Quote of the day

Alexander Cockburn wrote:

Never trust a president who claims he reads himself to sleep with the help of Marcus Aurelius. That was Bill Clinton, who claimed this thundering imperial bore never strayed far from his hand.

Most certainly view with profound suspicion a president who professes to be guided in his conduct in grave moral matters by Augustine and Aquinas, two very different characters. Just as civilization would have profited if the rope lowering St Paul to the ground from that tower in Damascus had broken fifty feet up, a death in the cradle for Augustine would have spared humanity much horror from his poisonous doctrines on original sin and other matters.

Aquinas was a different matter. A jovial fellow, among other things he loved fresh herring, and when he was dying he asked for some. At this point a fishing boat in the Mediterranean hauled an unprecedented netful of herring and the unexpected catch was slated for a while as the second miracle required for Thomas’ canonization.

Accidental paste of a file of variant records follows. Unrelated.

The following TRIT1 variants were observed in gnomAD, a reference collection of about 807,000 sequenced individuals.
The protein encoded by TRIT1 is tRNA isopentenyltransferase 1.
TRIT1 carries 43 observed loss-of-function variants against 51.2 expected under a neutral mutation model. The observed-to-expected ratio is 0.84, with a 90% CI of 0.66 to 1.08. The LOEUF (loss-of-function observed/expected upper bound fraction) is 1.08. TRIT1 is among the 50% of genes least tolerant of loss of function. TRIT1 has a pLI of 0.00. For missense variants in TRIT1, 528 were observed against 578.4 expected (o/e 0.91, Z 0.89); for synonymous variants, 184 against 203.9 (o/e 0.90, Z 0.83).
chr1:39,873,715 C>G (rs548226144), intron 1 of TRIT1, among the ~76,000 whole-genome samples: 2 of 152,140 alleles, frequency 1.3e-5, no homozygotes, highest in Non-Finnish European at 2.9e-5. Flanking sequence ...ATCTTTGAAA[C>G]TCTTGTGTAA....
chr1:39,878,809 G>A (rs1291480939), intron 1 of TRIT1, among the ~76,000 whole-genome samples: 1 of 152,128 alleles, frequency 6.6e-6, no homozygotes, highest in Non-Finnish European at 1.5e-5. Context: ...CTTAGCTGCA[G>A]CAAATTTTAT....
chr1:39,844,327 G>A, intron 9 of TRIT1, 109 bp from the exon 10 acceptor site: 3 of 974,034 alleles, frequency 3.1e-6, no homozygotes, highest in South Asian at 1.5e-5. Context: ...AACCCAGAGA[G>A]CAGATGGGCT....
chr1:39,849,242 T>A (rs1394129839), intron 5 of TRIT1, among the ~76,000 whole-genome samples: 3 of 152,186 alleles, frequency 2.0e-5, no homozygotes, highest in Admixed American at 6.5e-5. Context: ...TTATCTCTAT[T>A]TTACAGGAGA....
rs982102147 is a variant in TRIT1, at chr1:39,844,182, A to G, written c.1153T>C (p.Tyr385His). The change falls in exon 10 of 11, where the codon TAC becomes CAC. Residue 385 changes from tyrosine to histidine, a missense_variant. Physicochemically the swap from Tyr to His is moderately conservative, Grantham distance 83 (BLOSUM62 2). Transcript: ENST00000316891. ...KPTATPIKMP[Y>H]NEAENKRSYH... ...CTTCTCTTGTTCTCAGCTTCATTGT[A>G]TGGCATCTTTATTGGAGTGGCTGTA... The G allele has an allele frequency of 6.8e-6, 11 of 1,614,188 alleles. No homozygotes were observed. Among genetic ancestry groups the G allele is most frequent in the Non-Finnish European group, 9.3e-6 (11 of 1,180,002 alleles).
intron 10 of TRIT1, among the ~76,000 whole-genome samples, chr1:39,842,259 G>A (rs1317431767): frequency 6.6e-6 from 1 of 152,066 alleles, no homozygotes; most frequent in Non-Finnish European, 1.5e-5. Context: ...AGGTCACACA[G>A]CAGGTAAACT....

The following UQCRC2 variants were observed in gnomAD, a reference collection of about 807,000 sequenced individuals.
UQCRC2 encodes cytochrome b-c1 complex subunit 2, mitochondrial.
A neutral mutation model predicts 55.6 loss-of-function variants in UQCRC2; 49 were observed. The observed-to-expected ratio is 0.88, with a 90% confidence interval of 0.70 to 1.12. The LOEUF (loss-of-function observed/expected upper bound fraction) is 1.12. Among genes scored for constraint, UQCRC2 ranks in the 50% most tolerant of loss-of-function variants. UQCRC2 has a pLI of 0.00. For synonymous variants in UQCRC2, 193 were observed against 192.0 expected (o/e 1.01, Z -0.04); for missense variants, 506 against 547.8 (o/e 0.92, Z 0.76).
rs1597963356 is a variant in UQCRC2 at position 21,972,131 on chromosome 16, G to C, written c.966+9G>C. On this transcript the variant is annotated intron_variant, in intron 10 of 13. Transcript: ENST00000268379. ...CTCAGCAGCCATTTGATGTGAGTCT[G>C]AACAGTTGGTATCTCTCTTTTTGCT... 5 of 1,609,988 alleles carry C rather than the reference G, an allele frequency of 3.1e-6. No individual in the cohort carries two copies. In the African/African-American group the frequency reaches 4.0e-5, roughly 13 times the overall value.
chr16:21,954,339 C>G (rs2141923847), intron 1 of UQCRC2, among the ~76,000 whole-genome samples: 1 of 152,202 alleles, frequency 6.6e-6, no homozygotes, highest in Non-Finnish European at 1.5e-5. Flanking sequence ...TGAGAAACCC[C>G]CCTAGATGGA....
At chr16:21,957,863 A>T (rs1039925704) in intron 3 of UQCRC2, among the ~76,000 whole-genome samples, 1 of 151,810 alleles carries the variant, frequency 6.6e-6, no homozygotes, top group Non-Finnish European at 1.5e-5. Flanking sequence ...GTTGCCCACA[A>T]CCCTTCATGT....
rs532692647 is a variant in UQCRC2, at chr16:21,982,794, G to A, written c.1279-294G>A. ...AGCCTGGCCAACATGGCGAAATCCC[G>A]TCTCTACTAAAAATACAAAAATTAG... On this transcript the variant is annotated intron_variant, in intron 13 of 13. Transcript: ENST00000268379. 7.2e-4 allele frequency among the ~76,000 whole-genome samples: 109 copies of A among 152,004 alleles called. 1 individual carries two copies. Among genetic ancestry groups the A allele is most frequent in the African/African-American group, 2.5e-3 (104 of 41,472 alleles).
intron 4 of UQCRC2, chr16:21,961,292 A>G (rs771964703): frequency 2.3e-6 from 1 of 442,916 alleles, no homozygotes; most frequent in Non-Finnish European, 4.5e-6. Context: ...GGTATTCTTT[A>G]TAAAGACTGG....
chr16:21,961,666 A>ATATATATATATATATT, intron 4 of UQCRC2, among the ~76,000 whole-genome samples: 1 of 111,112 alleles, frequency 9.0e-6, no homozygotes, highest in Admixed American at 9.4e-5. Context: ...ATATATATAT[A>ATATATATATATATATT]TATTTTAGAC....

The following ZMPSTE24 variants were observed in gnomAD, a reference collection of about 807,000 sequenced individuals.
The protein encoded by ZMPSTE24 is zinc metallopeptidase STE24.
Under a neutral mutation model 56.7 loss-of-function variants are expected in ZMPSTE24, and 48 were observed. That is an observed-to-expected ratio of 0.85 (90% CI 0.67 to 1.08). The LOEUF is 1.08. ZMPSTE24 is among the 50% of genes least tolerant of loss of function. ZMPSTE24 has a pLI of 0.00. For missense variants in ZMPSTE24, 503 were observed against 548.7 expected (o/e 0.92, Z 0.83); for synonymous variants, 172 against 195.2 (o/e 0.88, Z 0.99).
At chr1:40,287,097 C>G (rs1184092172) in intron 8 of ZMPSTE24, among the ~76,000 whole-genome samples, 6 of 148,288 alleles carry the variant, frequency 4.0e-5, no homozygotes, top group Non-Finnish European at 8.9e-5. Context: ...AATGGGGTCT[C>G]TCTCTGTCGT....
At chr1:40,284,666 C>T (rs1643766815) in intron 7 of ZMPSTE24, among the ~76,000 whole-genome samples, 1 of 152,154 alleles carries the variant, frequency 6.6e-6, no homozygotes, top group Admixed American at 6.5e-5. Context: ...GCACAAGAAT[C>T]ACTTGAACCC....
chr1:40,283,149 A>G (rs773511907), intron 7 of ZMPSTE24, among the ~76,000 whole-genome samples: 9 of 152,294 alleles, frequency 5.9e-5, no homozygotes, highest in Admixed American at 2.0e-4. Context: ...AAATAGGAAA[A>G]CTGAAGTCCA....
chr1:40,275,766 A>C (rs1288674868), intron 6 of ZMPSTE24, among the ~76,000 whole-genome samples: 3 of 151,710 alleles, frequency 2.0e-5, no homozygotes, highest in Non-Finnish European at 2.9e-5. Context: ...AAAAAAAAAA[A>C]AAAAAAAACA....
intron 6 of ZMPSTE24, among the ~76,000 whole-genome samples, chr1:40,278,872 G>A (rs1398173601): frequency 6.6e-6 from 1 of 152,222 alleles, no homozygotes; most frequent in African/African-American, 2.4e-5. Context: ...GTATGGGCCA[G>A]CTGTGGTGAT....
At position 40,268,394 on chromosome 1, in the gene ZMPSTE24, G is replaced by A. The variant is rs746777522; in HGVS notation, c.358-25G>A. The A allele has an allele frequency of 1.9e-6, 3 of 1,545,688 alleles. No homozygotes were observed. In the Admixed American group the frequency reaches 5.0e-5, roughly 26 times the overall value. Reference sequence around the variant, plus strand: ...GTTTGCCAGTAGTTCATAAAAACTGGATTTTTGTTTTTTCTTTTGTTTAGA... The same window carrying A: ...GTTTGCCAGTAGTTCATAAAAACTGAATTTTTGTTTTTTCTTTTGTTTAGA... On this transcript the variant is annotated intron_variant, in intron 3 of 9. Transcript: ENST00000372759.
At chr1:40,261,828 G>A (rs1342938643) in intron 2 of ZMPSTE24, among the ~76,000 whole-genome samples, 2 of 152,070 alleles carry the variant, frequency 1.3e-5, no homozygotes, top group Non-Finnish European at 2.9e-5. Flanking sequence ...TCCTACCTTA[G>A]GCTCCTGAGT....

The excellent, astounding New York Times story by Jo Becker and Scot Shane published on May 29 and vigorously discussed on this site by Ralph Nader, says that Obama decided to take personal control of the White House’s secret and unconstitutional death list after reading Augustine and Aquinas. “A student of writings on war by Augustine and Thomas Aquinas, he believes that he should take moral responsibility for such actions. And he knows that bad strikes can tarnish America’s image and derail diplomacy.” Notice how the paragraph devolves rapidly from moral duty to pr.

Barack Obama is a system politician, a functional elite devoted to the institutions he serves, and, for such a person, public reality cannot be real if it were to remain untouched by image management work. Style points – e.g. appearing morally concerned – count for much more than morally guided action. Thus butchering innocents has mattered little in the War on Terror. Their blood is but a stage upon which America’s righteous elite display their gifts. It is not wholly ironic that Obama relies upon the Church fathers for inspiration. The Church has long been committed to putting on a good show.

It is a shame that there is no Hell.